Sunday, September 9, 2007

Flying Pigs Alert!

Every Brit I've ever met has defended his country's strict gun controls. The British press seems to reflect this attitude perfectly, with a determined defense of the British policies and self-righteous condemnation of the American “Wild West” and its allegedly out-of-control gun culture.

So when I read the headline of a column this morning in the London Times, by Richard Munday, I was quite surprised – and even more surprising was the contents. The column is headlined Wouldn't you feel safer with a gun?, and it starts like this:

Despite the recent spate of shootings on our streets, we pride ourselves on our strict gun laws. Every time an American gunman goes on a killing spree, we shake our heads in righteous disbelief at our poor benighted colonial cousins. Why is it, even after the Virginia Tech massacre, that Americans still resist calls for more gun controls?

The short answer is that “gun controls” do not work: they are indeed generally perverse in their effects.
I fear that this heresy puts Mr. Munday's British citizenship in danger of revocation. By Monday morning, it's likely he'll be seeking asylum at the U.S. Embassy in London.

But it gets even better:
Virginia Tech reinforced the lesson that gun controls are obeyed only by the law-abiding. New York has “banned” pistols since 1911, and its fellow murder capitals, Washington DC and Chicago, have similar bans. One can draw a map of the US, showing the inverse relationship of the strictness of its gun laws, and levels of violence: all the way down to Vermont, with no gun laws at all, and the lowest level of armed violence (one thirteenth that of Britain).
Here's a liberal commentator, in a liberal newspaper, in a liberal country, citing the uncomfortable facts that liberals around the world struggle mightily to suppress and deny. What the heck is going on here? I have no doubt now that pigs are flying between the skyscrapers in London!

Here's the column's conclusion:

As late as 1951, self-defence was the justification of three quarters of all applications for pistol licences. And in the years 1946-51 armed robbery, the most significant measure of gun crime, ran at less than two dozen incidents a year in London; today, in our disarmed society, we suffer as many every week.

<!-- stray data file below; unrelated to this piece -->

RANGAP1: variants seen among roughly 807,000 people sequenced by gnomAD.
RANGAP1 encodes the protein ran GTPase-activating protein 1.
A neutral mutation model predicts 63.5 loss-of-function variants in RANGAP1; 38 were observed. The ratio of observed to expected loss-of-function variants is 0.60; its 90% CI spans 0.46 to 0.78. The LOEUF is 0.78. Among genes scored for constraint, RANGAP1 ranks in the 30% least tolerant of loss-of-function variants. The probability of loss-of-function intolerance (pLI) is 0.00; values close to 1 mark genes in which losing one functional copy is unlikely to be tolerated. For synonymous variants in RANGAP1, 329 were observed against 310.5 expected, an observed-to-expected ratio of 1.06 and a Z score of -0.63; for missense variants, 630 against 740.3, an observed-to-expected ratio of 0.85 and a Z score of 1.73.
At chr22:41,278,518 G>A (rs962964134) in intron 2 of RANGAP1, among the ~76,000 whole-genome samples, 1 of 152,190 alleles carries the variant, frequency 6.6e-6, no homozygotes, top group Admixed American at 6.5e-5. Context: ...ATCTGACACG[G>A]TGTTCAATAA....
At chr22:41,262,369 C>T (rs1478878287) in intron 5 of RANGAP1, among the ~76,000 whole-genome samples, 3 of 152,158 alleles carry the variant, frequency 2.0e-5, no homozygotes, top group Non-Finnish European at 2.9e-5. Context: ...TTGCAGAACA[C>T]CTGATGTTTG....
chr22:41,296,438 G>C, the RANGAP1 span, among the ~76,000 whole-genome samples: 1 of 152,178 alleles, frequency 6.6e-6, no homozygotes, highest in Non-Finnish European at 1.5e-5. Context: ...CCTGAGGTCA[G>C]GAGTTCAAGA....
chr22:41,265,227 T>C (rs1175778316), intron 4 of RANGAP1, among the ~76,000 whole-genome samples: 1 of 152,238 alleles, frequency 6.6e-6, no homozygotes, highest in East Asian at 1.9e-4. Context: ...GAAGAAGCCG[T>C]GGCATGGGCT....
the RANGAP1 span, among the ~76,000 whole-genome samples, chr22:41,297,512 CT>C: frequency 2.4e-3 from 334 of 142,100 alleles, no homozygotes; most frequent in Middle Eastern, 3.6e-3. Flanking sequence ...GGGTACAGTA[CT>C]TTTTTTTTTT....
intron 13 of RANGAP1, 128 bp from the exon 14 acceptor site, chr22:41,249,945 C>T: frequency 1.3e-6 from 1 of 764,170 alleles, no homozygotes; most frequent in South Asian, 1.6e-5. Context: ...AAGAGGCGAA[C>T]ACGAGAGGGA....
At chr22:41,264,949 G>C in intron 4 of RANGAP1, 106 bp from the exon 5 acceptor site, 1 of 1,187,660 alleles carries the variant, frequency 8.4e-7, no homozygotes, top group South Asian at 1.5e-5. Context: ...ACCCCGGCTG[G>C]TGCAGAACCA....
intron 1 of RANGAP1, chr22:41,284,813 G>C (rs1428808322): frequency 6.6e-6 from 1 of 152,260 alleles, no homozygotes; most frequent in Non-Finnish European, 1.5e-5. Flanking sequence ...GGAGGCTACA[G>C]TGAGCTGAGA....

Gun controls disarm only the law-abiding, and leave predators with a freer hand. Nearly two and a half million people now fall victim to crimes of violence in Britain every year, more than four every minute: crimes that may devastate lives. It is perhaps a privilege of those who have never had to confront violence to disparage the power to resist.

Mr. Munday asks, “Wouldn't you feel safer with a gun?”

Well, Mr. Munday, speaking as a gun owner in the American Wild West, I can tell you this: even though I live in an area with statistically and historically very low rates of crime, my wife and I do indeed feel much safer with a gun. Several guns, actually. We own three firearms: a seven-shot Smith & Wesson revolver, a six-shot Beretta semiautomatic shotgun (a so-called “riot gun”), and a 22 gauge Remington rifle (a “varmint gun”). The guns are all legally purchased and licensed. Both my wife and I have attended formal training and have practiced on the range; the varmint rifle gets regular use on our property (mostly against ground squirrels and gophers).

The police emergency response time to the area where we live is around 30 to 60 minutes – not because the police are incompetent, but because we live quite far from any police station. If some bad guy showed up on our doorstep, dialing 911 and waiting for the police to show up is a recipe for becoming a victim. Our guns are much more likely to succeed in defending us, either as a shock-and-awe deterrent (that shotgun would punch some impressive holes in a vehicle!) or in violent self-defense.

Does that make us feel safer? Of course it does. As it should anyone whose brain hasn't been muddled with liberal claptrap…

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